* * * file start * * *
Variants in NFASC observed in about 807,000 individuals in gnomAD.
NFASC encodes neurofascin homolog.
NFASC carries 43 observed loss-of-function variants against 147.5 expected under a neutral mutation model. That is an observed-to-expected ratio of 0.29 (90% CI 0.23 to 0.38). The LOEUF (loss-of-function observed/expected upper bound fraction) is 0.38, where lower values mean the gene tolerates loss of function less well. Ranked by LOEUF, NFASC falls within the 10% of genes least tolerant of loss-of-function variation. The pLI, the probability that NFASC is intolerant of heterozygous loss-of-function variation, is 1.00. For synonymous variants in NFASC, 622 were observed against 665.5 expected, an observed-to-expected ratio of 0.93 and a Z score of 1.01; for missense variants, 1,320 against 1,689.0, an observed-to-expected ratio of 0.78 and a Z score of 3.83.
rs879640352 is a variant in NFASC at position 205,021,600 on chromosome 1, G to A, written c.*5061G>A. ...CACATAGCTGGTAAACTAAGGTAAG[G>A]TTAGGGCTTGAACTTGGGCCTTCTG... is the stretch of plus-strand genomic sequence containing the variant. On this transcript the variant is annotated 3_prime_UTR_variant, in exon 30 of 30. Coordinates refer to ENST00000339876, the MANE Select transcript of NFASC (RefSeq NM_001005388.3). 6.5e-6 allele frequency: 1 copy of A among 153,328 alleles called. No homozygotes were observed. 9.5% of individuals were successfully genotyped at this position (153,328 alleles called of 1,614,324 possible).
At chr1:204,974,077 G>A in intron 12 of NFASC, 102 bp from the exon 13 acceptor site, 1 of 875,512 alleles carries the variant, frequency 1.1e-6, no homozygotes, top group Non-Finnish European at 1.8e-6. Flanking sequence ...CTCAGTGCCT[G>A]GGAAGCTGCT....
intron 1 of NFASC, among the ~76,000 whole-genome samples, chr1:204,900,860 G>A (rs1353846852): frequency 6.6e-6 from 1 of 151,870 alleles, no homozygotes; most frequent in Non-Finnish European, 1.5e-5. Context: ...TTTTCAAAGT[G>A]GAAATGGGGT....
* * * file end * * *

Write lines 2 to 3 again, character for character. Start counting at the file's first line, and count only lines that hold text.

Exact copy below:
NFASC encodes neurofascin homolog.
NFASC carries 43 observed loss-of-function variants against 147.5 expected under a neutral mutation model. That is an observed-to-expected ratio of 0.29 (90% CI 0.23 to 0.38). The LOEUF (loss-of-function observed/expected upper bound fraction) is 0.38, where lower values mean the gene tolerates loss of function less well. Ranked by LOEUF, NFASC falls within the 10% of genes least tolerant of loss-of-function variation. The pLI, the probability that NFASC is intolerant of heterozygous loss-of-function variation, is 1.00. For synonymous variants in NFASC, 622 were observed against 665.5 expected, an observed-to-expected ratio of 0.93 and a Z score of 1.01; for missense variants, 1,320 against 1,689.0, an observed-to-expected ratio of 0.78 and a Z score of 3.83.